5. primus says:

    The term ‘addiction’ is a loaded one. It is also not well defined; ask any ten people what it means and you will get a wide variety of answers. It is my strong belief that addiction is merely the expression of very human characteristics, leading to some reward feedback loop which reinforces the behaviour. The addicted individual (AI) is shunned because of behaviours developed to cope with the artificially high price of the addictive substance under prohibition. Theft, prostitution etc. tend to be seen negatively by family and friends. Once the cycle of crime is broken, such as in Switzerland with prescription heroin, where the negative behaviours which lead to the shunning end or are greatly reduced, the AI is able to reconnect with family and friends who no longer fear the AI, which is leading many to request a reduction of their daily dose, and finally a total weaning from heroin usage. Why? They find that their new social connections are of more value to them than the use of heroin. They see a chance to normalise their lives and that is enough of a draw to get them off smack. This is mere reward substitution, and proves that even the long term addicted can make different choices when the opportunity is real. When most people hear the word ‘addiction’ they envision someone who is somehow ‘changed’ so they are less human, not worthy of the same respect as other humans. For that reason I try not to use it. What other word is there?

    • War Vet says:

      What Switzerland has done is on track with keeping Jesus’ commandments. One will always get more flies with honey and if heroin addictions etc are realy that bad and morbid for the user, then loving them like friends and family will help them survive and possibly quit. Prohibition offers no solution for why the user uses on a daily basis, but does a fine job in reenforcing the need to use and not quit. No reason why a special fund coming from our taxes cannot be used by cops to hand out clean needles, food, water, blankets and job offerings (like cleaning the streets and parks etc) for the addicted and homeless. Such love would reduce drug use in the long run for our society. Cops would get in good with the users and gather info on real crimes because of trust, thus making the job safer and easier on the cop at a reduced expense to the tax payer who would prefer job and heathcare and education growth in the nation.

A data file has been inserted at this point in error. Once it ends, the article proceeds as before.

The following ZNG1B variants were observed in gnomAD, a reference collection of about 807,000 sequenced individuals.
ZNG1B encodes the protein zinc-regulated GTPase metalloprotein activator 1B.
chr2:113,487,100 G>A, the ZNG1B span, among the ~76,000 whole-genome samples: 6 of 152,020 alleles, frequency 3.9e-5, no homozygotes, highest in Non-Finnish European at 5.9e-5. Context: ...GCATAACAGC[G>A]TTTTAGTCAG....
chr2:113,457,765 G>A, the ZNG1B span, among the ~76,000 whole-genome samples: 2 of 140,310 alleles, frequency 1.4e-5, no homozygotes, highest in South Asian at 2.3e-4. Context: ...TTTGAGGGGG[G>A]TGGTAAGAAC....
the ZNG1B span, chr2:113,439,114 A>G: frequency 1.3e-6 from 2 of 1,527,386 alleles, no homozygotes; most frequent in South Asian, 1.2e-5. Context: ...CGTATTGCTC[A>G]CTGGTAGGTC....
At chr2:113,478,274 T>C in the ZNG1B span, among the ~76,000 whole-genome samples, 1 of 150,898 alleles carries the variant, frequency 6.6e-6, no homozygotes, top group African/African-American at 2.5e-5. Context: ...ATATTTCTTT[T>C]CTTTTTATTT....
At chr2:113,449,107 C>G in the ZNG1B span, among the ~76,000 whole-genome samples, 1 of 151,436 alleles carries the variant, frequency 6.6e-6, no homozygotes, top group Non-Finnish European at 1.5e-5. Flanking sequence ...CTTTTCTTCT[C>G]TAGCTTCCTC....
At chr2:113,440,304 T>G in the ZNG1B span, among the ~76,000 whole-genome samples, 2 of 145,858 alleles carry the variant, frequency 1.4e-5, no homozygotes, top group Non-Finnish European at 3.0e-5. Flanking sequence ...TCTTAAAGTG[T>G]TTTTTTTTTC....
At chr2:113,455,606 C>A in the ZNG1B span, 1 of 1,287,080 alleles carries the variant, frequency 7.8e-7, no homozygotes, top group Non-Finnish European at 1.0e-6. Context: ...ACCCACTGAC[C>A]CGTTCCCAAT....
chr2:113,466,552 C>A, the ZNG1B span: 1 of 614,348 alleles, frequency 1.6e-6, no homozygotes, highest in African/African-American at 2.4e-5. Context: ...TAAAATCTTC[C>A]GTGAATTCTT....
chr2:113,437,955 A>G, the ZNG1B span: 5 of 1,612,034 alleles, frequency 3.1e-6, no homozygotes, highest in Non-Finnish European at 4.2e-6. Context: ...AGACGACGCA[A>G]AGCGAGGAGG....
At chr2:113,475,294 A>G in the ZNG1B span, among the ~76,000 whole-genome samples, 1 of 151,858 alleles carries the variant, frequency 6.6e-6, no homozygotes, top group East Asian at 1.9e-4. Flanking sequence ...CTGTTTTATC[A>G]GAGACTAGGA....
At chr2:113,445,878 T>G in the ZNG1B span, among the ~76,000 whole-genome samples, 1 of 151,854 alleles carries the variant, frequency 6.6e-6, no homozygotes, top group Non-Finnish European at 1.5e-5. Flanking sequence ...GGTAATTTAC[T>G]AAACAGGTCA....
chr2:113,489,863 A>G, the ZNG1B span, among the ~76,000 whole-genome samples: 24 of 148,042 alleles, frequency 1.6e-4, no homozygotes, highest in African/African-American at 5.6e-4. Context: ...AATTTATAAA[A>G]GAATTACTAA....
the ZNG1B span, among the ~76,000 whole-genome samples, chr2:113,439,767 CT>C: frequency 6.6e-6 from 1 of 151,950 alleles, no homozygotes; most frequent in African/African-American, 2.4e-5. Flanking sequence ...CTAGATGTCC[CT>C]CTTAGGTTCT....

• Paul McClancy says:

      Some prohibs, particularly Peter Hitchens, deny addiction as a phenomena. Somehow this makes them double down in their delusions.

    • Windy says:

      Well, we use “alcoholic” for someone addicted to alcohol, how about cocaineic, heroinic, oxycontinic, etc. for those addicted to other substances?

  6. Jean Valjean says:

    Certain words are frequently taken up by power elites (media, the wealthy, law enforcement, politicians) and used for propaganda purposes and to create a scapegoated Out Group. Historically these words include Jew, addict, various abusive terms for gays, immigrants “illegals,” etc. Sometimes the best policy for those offended by these terms or shamed by them is to re-appropriate the word, as has been done with the N word and queer. I tend to use the word addiction to describe my own period of dependency on opiates, without which I could not move from my bed over a 13 year period. I suggest that my usage of the word is rather different from the way Michele Leonhart or the Daily Mail (not to mention the reception officer at Brixton prison who cheerfully told me he would hang all addicts if he could) might use it because it is first hand experience and is not an attempt at stigmatization.

Comments are closed.